mutate(ranking = row_number()) %>%

A new column named ranking is created to sort the teams from one to twenty based on the cumulative performance for each gameweek. This value is reset at each new gameweek.

Let's consider the DF above. Napoli are the top performer in gameweek one, so they are ranked first, Cagliari collected the second-highest xP, so they are second, and so on. A new 1-20 ranking is then evaluated for gameweek two. This time, the cumulative sum is taken into account. Despite Lazio having the highest xP for gameweek two, Roma show the highest cumulative xP across the first two games so they are ranked as first ahead of Udinese and Napoli. This logic is taken into account to order the team from one to twenty for each gameweek.

Coming up with a meaningful data structure to correctly implement the bump chart is the trickiest bit. If you've made it so far, now it's just a matter of visualising the data.

Chart visualisation

ggplot will allow you to plot the bump chart easily. No other functions or external libraries are strictly required. However, even if it's not necessarily needed, I've decided to use the ggbump package in addition to ggplot for a "bumpier" style.

ggplot(data = d_xp_rank, aes(x = Gameweek, y = ranking, color = Squad)) +
  geom_bump(size = 1.5)

From the above, we can identify:

  • d_xp_rank: is the data frame containing the data structure we created as detailed above
  • Gameweek: is the column name containing the time unit that we want to plot on the x-axis. We will have a data point with the xP figure for each gameweek
  • ranking: is the field containing the 1-20 rank for each gameweek to plot on the y axis
  • Squad: is the field containing the name of the teams. We assign a different colour to each one of them.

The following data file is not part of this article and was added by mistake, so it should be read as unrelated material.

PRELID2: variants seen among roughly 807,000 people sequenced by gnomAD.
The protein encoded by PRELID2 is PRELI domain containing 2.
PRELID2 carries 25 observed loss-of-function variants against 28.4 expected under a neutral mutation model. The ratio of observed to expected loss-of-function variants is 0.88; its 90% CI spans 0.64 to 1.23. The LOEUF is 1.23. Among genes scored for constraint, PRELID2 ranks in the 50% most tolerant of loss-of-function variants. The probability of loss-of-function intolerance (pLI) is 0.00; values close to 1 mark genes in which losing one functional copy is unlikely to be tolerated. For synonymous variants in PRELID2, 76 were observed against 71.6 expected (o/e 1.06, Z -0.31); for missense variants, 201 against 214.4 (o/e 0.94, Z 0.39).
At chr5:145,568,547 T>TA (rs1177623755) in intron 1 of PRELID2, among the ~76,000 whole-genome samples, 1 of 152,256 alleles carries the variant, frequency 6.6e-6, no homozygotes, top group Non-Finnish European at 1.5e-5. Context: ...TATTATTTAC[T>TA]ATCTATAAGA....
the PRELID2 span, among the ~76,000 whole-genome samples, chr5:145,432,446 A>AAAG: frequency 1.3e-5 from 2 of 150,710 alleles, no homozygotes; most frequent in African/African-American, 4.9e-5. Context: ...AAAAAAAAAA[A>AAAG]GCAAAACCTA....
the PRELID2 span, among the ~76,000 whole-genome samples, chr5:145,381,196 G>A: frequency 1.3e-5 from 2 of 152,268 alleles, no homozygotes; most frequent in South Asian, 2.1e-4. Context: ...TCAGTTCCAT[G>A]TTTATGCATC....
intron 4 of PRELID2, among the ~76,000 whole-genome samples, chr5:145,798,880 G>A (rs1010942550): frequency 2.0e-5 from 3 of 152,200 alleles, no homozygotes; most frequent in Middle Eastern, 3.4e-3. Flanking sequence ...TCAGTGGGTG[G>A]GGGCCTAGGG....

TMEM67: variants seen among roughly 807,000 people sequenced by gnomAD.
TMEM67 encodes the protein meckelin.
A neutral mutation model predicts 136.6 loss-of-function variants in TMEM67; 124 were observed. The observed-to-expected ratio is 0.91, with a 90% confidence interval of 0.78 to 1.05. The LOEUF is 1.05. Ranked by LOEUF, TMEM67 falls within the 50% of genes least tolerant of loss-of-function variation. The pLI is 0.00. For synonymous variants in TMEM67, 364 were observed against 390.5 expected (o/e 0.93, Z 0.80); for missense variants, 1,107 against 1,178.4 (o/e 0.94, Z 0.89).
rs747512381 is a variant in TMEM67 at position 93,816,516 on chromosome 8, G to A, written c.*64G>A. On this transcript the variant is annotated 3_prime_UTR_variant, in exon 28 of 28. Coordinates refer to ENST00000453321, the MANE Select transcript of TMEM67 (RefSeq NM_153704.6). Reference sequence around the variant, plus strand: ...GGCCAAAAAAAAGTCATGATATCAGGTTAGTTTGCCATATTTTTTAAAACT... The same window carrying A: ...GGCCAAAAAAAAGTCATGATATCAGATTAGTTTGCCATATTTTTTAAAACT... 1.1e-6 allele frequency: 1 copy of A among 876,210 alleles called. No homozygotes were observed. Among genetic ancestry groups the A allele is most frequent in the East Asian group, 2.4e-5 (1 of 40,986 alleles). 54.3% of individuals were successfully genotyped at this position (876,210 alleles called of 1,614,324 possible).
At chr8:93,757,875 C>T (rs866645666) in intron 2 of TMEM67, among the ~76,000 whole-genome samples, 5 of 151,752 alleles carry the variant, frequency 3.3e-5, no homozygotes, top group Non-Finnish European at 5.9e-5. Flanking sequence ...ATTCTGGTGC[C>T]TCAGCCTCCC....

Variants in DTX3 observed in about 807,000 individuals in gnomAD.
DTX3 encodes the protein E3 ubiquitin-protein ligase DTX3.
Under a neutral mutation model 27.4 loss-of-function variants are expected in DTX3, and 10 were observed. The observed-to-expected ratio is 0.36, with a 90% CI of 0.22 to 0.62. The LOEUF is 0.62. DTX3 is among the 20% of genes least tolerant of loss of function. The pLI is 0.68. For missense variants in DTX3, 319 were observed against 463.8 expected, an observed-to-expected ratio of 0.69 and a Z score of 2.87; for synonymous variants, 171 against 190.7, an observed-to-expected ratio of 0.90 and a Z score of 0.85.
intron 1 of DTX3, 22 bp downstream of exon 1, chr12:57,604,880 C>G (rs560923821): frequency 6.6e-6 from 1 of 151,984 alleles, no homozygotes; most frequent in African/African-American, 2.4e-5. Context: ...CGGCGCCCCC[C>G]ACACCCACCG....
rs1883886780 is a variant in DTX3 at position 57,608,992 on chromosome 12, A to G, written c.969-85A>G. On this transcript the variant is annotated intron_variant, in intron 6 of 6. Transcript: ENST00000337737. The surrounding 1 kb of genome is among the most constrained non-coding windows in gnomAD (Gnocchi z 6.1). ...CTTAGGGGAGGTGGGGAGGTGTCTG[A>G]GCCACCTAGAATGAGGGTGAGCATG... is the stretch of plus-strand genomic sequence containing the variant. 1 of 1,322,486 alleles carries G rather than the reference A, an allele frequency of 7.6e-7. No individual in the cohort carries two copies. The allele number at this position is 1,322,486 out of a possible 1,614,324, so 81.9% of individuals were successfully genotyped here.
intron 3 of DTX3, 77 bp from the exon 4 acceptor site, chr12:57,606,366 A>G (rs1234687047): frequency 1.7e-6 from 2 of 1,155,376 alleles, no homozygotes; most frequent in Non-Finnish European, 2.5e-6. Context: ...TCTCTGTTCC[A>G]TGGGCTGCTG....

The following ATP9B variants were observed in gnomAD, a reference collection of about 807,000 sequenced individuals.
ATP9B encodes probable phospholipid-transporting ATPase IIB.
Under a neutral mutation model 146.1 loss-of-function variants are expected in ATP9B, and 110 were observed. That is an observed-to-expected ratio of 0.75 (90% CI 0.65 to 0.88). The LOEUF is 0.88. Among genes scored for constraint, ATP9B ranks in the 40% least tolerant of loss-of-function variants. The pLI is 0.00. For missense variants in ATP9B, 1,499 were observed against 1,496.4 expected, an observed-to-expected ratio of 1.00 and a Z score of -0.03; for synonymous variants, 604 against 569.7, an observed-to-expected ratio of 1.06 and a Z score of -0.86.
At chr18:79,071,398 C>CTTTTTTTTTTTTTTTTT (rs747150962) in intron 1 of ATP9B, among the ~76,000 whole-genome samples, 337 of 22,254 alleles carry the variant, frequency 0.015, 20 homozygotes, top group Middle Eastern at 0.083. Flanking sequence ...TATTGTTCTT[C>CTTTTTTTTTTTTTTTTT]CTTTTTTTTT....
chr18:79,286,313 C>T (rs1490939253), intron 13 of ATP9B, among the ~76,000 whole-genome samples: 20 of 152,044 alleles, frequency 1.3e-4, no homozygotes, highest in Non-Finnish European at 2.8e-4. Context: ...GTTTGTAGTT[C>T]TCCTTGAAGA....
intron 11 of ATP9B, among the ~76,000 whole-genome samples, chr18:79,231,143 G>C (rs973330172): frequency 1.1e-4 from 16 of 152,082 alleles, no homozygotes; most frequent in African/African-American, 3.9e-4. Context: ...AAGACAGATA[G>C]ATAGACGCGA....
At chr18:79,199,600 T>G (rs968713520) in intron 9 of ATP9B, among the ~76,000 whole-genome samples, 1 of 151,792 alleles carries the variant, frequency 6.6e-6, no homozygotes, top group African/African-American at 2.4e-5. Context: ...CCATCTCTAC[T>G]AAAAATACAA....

By running the above R commands, we get the following preliminary bump chart:

It's a decent start, but it is difficult to understand what's going on here. What teams are the top performers? It's very unclear.

Let's add data points for each measurement and flip the y-scale so that the top performers are on top:

geom_point(aes(color = Squad, alpha = 1), size = 4) +
geom_point(color = "#FFFFFF", size = 1) +
scale_y_reverse(breaks = 1:show_top_n)

The commands above will make the chart a bit more clear.

Much better now. It's visually easier to understand the team ranking for each gameweek, and the top performers are on top as you would expect in a leaderboard.

We can make team names more explicit by adding labels and making the plot even more straightforward:

geom_text(data = d_xp_rank %>% filter(Gameweek == "1"),
            aes(label = Squad, x = 0.5) , hjust = .5, fontface = "bold", color = "#888888", size = 4) +
  geom_text(data = d_xp_rank %>% filter(Gameweek == num_of_gameweeks),
            aes(label = Squad, x = 8.5) , hjust = .5, fontface = "bold", color = "#888888", size = 4)

And we can also get rid of the legend, which is eating up a lot of space:

theme(legend.position = "none")

The two tweaks above result in the following graph:

It's now simpler to follow each team's performance over time, gameweek by gameweek.

Now, some style is needed. Let's add a dark background, a few tweaks for better visualisation, a proper title and a subtitle. Close your eyes, re-run the plot, and here is the final result:

Ta-da! That's a great achievement. It is time to celebrate. You've just plotted the performance of Serie A teams over time. This is visualised in terms of Expected Points for the first eight gameweeks.

The diagram above unlocks various insights: